Legislation to lower the prevailing wage threshold for school construction projects has passed both the full Maryland Senate and House of Delegates ensuring its way to final passage. With this change, all school construction projects that are funded with 25% or more State funds would be subject to the State’s prevailing wage law.
As introduced, SB 232 and HB 727 would have lowered the threshold to require prevailing wage rates to be paid for a local project receiving any amount of State funds. During the hearing on these bills, MACo expressed concerns that lowering the threshold would increase project costs and affect the number of projects budgeted each year. MACo also referenced information provided to the Task Force to Study the Applicability of the Maryland Prevailing Wage Law that suggested that school construction projects bid with prevailing wage have an average cost increase ranging from 3% to 30% depending on the type of project. When you look at all projects as a whole, the average cost increase when comparing bid day data for projects bid with and without prevailing wage is 10.6%.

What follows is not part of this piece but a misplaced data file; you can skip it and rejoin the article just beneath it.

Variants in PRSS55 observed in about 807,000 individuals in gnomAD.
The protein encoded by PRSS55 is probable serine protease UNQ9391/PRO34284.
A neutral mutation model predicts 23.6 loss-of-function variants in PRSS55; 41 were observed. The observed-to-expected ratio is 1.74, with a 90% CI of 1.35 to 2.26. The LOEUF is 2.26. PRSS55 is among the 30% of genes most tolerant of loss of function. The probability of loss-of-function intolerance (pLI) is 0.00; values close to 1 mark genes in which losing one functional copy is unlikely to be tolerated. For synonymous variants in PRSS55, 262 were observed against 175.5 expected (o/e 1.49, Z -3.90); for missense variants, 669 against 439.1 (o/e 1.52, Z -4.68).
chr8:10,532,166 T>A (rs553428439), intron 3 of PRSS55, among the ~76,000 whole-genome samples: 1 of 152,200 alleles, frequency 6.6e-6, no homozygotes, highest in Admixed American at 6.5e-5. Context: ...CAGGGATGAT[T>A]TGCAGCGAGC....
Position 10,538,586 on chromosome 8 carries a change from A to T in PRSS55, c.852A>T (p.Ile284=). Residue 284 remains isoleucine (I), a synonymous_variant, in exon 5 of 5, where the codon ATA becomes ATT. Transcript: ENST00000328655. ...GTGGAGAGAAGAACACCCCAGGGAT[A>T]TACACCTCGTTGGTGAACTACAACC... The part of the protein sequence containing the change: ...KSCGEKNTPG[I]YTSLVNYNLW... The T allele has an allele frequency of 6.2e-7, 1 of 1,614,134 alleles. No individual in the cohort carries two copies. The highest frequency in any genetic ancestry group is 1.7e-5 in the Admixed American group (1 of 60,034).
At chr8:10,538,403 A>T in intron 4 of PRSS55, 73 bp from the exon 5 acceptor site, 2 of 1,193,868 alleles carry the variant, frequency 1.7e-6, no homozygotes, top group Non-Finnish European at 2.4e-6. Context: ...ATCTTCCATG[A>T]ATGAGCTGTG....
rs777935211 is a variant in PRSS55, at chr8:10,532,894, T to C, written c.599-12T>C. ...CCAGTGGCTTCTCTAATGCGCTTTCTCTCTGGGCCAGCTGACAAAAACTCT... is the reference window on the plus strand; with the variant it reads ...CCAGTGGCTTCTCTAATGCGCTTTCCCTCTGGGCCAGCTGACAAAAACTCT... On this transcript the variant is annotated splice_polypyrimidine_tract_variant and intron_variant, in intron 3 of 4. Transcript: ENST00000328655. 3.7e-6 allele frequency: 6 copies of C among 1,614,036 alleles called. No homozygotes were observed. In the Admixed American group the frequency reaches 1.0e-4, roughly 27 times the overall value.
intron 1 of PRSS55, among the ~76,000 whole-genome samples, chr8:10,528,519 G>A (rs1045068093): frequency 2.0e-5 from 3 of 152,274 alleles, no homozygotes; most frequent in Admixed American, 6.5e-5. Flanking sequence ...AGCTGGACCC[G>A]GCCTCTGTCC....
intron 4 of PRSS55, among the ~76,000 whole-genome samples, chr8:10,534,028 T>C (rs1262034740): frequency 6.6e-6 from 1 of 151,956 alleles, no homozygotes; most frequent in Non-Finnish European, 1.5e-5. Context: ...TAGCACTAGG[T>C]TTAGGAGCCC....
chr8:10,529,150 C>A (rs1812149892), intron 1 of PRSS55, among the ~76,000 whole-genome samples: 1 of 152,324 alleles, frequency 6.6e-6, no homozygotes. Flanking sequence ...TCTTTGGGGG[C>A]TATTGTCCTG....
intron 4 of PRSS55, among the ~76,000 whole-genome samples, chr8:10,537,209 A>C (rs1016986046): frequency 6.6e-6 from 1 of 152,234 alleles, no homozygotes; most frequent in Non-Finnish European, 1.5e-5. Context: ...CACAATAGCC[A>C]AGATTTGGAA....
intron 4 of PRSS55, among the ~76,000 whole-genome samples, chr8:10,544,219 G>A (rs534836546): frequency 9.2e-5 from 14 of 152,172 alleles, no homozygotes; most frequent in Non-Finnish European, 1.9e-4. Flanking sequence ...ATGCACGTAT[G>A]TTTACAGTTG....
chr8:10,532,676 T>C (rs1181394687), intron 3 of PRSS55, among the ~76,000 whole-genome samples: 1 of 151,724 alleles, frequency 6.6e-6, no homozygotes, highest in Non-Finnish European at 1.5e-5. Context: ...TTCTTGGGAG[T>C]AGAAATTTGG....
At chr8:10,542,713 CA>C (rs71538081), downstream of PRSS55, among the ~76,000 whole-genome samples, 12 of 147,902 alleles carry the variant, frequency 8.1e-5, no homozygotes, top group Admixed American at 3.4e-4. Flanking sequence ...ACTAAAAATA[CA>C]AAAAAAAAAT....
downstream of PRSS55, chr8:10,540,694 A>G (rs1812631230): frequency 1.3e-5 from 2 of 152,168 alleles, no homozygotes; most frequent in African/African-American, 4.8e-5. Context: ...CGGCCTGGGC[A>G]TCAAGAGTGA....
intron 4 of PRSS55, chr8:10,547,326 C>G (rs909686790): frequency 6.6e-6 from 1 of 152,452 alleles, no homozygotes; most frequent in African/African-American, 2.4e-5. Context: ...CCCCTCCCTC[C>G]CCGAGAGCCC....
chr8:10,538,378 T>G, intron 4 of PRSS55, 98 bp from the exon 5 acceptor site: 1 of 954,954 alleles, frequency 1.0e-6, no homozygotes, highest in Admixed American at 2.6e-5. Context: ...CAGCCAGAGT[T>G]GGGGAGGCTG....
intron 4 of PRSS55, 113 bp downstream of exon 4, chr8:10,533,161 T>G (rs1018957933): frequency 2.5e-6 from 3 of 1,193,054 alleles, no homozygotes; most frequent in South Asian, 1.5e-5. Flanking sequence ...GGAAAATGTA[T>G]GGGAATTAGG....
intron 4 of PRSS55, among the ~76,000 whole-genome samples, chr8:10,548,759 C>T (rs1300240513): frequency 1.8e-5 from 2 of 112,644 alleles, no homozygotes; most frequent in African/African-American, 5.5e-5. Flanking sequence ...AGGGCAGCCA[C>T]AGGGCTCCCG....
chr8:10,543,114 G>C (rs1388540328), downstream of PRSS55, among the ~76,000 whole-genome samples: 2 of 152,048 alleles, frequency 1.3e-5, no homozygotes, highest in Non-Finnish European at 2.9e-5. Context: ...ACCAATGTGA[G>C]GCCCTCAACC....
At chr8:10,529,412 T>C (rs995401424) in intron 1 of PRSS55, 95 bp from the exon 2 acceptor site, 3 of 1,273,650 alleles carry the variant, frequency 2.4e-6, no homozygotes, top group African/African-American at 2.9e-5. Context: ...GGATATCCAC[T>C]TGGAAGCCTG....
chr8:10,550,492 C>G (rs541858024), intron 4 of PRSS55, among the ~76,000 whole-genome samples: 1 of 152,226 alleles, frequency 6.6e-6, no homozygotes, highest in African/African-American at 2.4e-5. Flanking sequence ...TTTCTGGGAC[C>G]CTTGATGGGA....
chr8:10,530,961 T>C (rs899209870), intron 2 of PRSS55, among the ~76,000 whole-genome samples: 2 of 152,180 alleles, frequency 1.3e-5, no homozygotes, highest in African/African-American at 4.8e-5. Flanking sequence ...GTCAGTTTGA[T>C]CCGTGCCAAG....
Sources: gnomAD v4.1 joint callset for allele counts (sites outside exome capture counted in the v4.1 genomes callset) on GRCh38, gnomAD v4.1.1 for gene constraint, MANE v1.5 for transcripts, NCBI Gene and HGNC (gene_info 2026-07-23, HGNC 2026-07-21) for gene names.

Following committee deliberations, the bills were amended to only apply to school construction projects and instead of eliminating the threshold, it was lowered to 25%.
After substantial floor debate, the bills passed in both the Senate and House Chambers. A MarylandReporter.com article summarizes the concerns and issues raised during the debate on the Senate floor.
Additional coverage can be found on Conduit Street.
Prevailing Wage Bill Will Capture Many More School Projects
Prevailing Wage Task Force Holds Final Meeting, Lacks Consensus